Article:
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Movie Review

Insightful 'Winners' Follows Great Expectations to an End

April 09, 1999|CHRIS PASLES | TIMES STAFF WRITER

Juxtaposing historical footage with contemporary interviews, Paul Cohen's documentary "The Winners" works like a great Dostoevsky novel, plunging us into the hearts, minds and souls of four first-prize winners of the prestigious Queen Elisabeth International Music Competition in Brussels, none of whom, for various reasons, made major careers.

This is fairly straightforward documentary making--its great strength lies in Cohen's ability to get the musicians to talk honestly about themselves and their lives.

American violinist Berl Senofsky, who took top prize in 1955, may be the most content today. After winning his medal, Senofsky says that he realized he really didn't have good technique after all, or the stomach for making a career.

He abruptly withdrew from concert life to work on his playing. He is supremely resigned and philosophical about the way his life worked out, but still makes us understand the high standard he set and the price he's paid for it. He now teaches at Baltimore's Peabody Conservatory.

Russian pianist Yevgeny Moguilevsky was not supposed to be the winner in 1964. Communist Party bosses already had designated another musician in the Soviet delegation as their choice that year. When Moguilevsky returned to the Soviet Union, he was not allowed out again, though he was able to play in that country.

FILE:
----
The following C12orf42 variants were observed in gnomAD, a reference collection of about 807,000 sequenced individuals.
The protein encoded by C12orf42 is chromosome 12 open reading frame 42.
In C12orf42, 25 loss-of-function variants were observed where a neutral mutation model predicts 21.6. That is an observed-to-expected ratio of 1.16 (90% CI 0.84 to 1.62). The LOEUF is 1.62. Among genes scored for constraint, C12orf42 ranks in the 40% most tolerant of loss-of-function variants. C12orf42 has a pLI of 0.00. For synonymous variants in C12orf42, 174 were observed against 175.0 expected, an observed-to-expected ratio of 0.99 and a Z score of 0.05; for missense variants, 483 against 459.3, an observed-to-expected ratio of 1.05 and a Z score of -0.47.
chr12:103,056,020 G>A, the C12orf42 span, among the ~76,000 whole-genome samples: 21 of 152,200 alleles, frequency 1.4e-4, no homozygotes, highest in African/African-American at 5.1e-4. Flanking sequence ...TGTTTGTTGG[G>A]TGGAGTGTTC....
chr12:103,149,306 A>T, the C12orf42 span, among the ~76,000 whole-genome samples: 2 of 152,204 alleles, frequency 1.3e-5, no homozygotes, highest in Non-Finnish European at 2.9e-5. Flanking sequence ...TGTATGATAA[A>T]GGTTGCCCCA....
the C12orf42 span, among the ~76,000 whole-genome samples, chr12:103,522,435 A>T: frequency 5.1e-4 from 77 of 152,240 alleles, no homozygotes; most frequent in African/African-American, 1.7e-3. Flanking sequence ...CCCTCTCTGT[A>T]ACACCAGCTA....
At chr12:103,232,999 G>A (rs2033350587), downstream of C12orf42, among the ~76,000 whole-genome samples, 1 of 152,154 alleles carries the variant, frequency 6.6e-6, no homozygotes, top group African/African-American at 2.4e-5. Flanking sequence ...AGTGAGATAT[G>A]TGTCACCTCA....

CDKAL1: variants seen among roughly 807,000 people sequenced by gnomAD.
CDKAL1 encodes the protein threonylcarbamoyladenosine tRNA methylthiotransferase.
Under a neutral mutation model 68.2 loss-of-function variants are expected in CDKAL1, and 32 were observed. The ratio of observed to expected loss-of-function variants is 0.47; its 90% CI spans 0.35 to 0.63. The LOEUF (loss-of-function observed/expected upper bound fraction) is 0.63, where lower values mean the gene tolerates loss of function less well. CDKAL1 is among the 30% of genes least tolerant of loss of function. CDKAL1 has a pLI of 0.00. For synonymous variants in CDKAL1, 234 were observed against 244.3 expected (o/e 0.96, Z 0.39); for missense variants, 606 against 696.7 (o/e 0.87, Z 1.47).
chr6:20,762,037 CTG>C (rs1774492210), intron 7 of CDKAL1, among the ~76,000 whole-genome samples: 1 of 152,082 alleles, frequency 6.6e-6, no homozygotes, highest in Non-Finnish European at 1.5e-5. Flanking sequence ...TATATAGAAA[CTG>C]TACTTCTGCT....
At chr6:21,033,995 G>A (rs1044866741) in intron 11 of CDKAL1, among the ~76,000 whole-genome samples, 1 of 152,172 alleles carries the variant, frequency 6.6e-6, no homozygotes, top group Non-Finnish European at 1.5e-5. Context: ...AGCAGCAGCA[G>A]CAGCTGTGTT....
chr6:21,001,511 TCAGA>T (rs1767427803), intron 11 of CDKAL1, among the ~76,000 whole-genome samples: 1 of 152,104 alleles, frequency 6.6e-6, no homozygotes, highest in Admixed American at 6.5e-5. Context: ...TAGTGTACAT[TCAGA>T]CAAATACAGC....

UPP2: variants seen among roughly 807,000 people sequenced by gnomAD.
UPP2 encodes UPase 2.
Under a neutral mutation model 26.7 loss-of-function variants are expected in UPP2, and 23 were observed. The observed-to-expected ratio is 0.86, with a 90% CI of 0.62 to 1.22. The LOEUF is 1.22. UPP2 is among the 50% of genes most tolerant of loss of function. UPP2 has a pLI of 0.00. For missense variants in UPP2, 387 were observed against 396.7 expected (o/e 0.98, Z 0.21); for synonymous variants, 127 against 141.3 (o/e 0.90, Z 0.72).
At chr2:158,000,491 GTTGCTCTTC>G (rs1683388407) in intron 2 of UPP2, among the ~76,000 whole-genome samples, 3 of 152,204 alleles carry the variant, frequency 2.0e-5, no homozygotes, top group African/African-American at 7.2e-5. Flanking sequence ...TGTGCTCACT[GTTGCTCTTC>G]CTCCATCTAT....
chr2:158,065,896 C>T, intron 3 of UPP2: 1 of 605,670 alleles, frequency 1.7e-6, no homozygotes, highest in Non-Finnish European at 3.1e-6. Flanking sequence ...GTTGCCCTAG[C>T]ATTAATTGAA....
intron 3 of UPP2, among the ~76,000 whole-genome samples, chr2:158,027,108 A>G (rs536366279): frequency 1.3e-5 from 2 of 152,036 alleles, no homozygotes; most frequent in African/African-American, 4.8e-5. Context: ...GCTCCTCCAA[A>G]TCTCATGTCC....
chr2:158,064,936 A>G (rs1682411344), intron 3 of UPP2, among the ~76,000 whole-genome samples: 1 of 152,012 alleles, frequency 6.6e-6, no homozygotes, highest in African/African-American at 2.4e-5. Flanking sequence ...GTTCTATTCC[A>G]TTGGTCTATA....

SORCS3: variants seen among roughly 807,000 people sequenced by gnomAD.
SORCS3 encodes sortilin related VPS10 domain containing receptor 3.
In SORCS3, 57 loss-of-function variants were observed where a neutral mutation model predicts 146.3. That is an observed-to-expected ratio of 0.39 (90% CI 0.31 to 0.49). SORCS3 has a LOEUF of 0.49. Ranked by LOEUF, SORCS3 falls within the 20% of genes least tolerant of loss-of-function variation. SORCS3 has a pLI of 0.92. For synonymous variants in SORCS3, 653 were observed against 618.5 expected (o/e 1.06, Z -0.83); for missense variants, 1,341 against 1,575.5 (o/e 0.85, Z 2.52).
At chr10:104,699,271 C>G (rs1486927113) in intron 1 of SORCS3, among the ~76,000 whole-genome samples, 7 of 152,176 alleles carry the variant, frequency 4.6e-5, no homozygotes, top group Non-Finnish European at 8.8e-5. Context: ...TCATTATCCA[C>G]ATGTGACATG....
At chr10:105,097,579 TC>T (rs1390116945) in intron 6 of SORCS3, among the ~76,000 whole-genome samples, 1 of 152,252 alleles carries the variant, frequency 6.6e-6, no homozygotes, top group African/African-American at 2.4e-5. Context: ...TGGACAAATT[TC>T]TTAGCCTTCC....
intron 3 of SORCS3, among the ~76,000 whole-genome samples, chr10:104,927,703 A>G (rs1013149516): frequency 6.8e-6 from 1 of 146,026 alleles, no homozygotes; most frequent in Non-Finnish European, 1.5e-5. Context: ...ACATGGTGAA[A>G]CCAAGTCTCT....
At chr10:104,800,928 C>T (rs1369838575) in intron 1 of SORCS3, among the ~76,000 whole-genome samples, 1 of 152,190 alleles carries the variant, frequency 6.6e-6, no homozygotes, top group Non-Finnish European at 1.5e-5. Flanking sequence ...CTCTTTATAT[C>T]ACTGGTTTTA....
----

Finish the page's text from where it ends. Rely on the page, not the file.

Since the fall of the Iron Curtain he has begun to make a career in the West, but he is noticeably uncomfortable with the marketing requirements set by his New York agent, who talks about his having lost nearly 30 precious years of exposure.

Violinist Mikhail Bezverkhny, the 1976 winner, was a devoted communist. But he abandoned the ideology and his country after years of fruitless efforts to convince the party powers that an international career would benefit the Soviet Union as well as himself. He, too, was not allowed out.

Now living in Brussels, he is surrounded by neighbors who hate classical music, and has to practice in an old van. He is shown becoming increasingly frustrated as he rehearses with his wife, pianist Olga Bezverkhnaya.

Most tragic and probably most talented of the four is the once broodingly handsome violinist Phillip Hirschhorn, who beat former classmate and friend Gidon Kremer to win first prize in 1967.

Kremer (who also appears in the film and talks about his friend) won third prize that year, but his career soared. Hirschhorn's was ended suddenly by the onset of a disease that he doesn't name, but which he suggests was cancer. (He died in 1996, just after this documentary was made.)

"Tragedy," Hirschhorn says, looking at a photo of himself and the other winners that year. "That guy knows that there is no happy end, no grand finale. Despair on a couple of faces. Really, a despair."

His playing of staggering beauty and his pithy, insightful remarks suggest the loss of a mind and talent that we can scarcely comprehend. The loss is close to unbearable.

* Unrated. Times guidelines: appropriate for all audiences but some vulgar language.

'The Winners'

Produced by VPRO/BRTN Television. Director Paul Cohen. Written by Paul Cohen and David van Tijn. Editor Ian Overweg. Distributed by First Run Features and Laemmle Theatres. With subtitles. Running time: 1 hour, 25 minutes.

Exclusively at Laemmle's Grande 4-plex, 345 S. Figueroa St., Los Angeles. (213) 617-0268.

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